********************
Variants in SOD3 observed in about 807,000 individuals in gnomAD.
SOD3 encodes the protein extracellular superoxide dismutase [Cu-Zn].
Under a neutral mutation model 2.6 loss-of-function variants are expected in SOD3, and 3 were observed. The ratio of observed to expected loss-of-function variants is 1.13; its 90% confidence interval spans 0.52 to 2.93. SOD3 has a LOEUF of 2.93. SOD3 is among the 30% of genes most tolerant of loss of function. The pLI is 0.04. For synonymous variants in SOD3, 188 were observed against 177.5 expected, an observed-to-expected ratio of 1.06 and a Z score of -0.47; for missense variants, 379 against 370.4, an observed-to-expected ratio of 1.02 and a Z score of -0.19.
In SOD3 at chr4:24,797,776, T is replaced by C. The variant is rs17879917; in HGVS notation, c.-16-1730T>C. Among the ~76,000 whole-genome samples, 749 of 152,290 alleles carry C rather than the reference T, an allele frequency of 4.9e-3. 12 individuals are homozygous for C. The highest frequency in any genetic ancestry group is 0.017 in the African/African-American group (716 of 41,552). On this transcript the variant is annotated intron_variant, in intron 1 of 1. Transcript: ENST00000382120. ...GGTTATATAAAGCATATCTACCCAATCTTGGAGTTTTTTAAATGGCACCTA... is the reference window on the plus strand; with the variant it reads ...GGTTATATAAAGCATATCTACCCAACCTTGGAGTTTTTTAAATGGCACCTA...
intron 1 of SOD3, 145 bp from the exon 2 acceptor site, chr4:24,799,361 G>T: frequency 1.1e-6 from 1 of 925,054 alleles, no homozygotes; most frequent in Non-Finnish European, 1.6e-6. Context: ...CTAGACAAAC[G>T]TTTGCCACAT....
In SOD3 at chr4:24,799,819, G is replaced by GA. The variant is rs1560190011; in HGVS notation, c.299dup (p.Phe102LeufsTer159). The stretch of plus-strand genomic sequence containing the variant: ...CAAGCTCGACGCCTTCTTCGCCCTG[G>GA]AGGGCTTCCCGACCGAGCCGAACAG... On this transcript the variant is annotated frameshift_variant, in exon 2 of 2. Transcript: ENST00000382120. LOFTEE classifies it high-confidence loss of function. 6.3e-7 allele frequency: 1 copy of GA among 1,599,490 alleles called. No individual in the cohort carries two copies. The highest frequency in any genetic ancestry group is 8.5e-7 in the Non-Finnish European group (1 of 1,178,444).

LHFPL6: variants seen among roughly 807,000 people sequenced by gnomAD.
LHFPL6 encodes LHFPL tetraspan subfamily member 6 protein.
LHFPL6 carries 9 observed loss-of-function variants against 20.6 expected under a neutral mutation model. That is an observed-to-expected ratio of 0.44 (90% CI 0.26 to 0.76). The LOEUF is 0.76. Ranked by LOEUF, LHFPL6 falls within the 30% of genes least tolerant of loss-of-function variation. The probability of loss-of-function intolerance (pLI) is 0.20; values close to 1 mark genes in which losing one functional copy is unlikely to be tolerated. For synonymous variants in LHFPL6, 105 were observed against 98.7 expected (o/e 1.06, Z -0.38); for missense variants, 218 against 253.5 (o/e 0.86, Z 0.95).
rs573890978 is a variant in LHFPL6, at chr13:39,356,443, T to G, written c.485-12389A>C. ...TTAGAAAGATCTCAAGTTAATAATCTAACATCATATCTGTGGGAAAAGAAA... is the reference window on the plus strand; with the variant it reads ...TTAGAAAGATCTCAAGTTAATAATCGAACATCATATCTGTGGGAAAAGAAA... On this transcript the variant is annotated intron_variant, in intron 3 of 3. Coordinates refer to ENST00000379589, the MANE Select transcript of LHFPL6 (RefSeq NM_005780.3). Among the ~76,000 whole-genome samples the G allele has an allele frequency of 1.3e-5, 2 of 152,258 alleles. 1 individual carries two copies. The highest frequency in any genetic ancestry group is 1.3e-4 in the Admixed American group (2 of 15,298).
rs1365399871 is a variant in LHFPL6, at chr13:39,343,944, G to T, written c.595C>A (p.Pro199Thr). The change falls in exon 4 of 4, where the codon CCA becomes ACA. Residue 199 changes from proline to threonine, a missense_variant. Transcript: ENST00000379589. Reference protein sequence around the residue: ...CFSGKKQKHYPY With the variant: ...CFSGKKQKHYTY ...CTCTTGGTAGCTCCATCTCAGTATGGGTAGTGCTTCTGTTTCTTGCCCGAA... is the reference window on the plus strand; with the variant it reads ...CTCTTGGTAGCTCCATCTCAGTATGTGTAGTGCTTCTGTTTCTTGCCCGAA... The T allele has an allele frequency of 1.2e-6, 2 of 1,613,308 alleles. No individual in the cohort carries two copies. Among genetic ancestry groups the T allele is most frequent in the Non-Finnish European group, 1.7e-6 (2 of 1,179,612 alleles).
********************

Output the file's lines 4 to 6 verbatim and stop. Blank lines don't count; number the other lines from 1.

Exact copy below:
In SOD3 at chr4:24,797,776, T is replaced by C. The variant is rs17879917; in HGVS notation, c.-16-1730T>C. Among the ~76,000 whole-genome samples, 749 of 152,290 alleles carry C rather than the reference T, an allele frequency of 4.9e-3. 12 individuals are homozygous for C. The highest frequency in any genetic ancestry group is 0.017 in the African/African-American group (716 of 41,552). On this transcript the variant is annotated intron_variant, in intron 1 of 1. Transcript: ENST00000382120. ...GGTTATATAAAGCATATCTACCCAATCTTGGAGTTTTTTAAATGGCACCTA... is the reference window on the plus strand; with the variant it reads ...GGTTATATAAAGCATATCTACCCAACCTTGGAGTTTTTTAAATGGCACCTA...
intron 1 of SOD3, 145 bp from the exon 2 acceptor site, chr4:24,799,361 G>T: frequency 1.1e-6 from 1 of 925,054 alleles, no homozygotes; most frequent in Non-Finnish European, 1.6e-6. Context: ...CTAGACAAAC[G>T]TTTGCCACAT....
In SOD3 at chr4:24,799,819, G is replaced by GA. The variant is rs1560190011; in HGVS notation, c.299dup (p.Phe102LeufsTer159). The stretch of plus-strand genomic sequence containing the variant: ...CAAGCTCGACGCCTTCTTCGCCCTG[G>GA]AGGGCTTCCCGACCGAGCCGAACAG... On this transcript the variant is annotated frameshift_variant, in exon 2 of 2. Transcript: ENST00000382120. LOFTEE classifies it high-confidence loss of function. 6.3e-7 allele frequency: 1 copy of GA among 1,599,490 alleles called. No individual in the cohort carries two copies. The highest frequency in any genetic ancestry group is 8.5e-7 in the Non-Finnish European group (1 of 1,178,444).